The CRM of the crop

Wrestling with customer relationship management's (CRM) status as an application deployment nightmare, two technology heavyweights have revealed their CRM strategies in moves that highlight divergent views on the role of Web services.

Both Microsoft Corp. and AT&T Corp. agree that implementing an internal CRM strategy is no picnic, but they differ over how large enterprises can simplify the complexity of enterprise integration.

Although both companies rely on Web-based access to data, AT&T is depending on a single-software vendor, whereas Microsoft is adding Web services on top of applications from multiple providers.

Executives from the companies used separate presentations at San Jose-based Frost & Sullivan Inc.'s recent CRM conference in Scottsdale, Ariz., to detail the challenges of their experience with CRM, reflecting widespread concerns about the successful implementation of the technology.

"We've contributed to the 70% of failures," acknowledged Mark Foster, vice president of sales channel effectiveness at AT&T Business in Bridgewater, N.J., referring to industry figures regarding the rate of CRM success. For example, a recent report by Stamford, Conn.-based Meta Group Inc. stated that 55% to 75% of all CRM projects fail to meet objectives.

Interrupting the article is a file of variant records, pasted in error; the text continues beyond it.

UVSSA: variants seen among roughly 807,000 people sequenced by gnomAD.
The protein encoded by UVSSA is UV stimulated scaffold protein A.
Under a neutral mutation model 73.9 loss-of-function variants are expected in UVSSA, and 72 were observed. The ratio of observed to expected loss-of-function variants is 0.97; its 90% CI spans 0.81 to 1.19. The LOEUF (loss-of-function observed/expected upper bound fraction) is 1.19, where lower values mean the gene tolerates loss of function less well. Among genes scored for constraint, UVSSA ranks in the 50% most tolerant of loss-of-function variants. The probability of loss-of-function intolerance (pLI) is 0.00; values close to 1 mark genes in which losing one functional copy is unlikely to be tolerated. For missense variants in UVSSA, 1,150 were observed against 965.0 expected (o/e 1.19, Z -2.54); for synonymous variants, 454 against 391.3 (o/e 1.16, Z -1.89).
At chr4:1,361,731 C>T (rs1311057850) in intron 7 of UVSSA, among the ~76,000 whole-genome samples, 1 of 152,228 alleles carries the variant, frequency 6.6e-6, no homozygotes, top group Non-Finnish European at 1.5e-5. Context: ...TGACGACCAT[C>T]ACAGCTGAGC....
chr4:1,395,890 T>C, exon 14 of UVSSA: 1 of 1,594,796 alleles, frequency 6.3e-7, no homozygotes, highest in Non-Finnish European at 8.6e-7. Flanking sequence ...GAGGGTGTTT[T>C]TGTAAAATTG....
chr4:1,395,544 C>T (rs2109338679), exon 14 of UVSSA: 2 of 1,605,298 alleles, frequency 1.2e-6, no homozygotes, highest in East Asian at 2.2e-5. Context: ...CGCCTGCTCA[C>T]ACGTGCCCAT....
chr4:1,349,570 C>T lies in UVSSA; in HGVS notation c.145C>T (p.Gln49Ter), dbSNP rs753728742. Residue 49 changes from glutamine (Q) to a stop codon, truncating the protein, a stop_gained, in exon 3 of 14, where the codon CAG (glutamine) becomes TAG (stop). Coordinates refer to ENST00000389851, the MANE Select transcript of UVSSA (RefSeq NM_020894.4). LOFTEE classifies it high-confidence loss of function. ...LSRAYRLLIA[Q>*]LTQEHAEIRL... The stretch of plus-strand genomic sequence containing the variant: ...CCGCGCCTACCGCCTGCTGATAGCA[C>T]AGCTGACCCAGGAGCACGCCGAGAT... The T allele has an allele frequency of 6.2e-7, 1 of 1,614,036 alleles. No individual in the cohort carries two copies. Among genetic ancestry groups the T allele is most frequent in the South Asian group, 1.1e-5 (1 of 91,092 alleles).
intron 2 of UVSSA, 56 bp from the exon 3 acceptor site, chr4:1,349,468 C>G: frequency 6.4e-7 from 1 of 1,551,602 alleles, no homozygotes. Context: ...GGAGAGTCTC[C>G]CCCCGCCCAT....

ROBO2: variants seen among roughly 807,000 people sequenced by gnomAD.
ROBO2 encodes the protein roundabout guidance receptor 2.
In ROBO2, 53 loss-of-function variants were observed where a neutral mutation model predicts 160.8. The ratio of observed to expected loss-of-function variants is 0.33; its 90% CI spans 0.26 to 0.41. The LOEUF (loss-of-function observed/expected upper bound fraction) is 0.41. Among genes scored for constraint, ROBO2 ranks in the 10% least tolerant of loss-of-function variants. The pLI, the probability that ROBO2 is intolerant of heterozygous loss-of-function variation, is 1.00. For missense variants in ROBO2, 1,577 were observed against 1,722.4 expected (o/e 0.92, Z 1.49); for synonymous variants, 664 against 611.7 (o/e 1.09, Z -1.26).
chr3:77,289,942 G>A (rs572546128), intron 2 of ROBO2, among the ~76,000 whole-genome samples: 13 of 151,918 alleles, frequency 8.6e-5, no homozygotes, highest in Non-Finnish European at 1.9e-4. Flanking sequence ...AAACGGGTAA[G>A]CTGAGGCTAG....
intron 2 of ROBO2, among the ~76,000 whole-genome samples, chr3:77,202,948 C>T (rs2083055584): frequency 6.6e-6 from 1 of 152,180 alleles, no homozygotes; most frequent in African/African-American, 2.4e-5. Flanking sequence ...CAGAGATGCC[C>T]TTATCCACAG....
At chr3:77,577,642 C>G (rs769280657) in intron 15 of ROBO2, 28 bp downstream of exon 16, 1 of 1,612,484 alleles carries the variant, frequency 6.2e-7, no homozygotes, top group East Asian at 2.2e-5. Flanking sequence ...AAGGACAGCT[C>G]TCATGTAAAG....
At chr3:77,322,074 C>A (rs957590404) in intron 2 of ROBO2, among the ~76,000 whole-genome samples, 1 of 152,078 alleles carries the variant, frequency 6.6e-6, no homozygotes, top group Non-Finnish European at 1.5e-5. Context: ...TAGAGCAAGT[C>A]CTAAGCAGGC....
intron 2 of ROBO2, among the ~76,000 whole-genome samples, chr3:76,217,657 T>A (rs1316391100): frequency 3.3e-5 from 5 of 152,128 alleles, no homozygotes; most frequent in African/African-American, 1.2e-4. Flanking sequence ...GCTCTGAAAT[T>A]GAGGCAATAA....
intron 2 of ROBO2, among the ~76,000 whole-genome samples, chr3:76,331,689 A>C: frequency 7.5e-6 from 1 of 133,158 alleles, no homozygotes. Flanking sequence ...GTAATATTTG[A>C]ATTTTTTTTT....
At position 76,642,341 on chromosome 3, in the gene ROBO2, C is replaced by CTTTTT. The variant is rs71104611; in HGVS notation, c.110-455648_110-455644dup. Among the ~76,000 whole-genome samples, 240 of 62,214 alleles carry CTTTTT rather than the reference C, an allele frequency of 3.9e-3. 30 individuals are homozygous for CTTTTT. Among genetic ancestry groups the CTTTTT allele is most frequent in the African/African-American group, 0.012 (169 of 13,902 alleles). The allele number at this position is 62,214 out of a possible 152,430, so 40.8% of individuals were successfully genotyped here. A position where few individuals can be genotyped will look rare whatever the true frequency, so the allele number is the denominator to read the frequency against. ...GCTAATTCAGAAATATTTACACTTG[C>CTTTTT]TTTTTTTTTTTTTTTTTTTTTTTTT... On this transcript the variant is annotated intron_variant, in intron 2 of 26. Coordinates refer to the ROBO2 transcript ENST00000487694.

AT&T is in the fifth month of an ongoing CRM implementation based on software from Oracle E-Business Suite 11i, but the company has had some trying times, Foster said.

For its part, Microsoft is attempting to deploy its .Net Web services strategy, which is intended to Web-enable application services on top of a multitude of CRM offerings such as sales analysis, call center and partner management tools from vendors such as Siebel Systems Inc. and E.piphany Inc., both in San Mateo, Calif.

"I would say we're still struggling with CRM today," said Tim Thiers, general manager of sales and support information technology at Microsoft.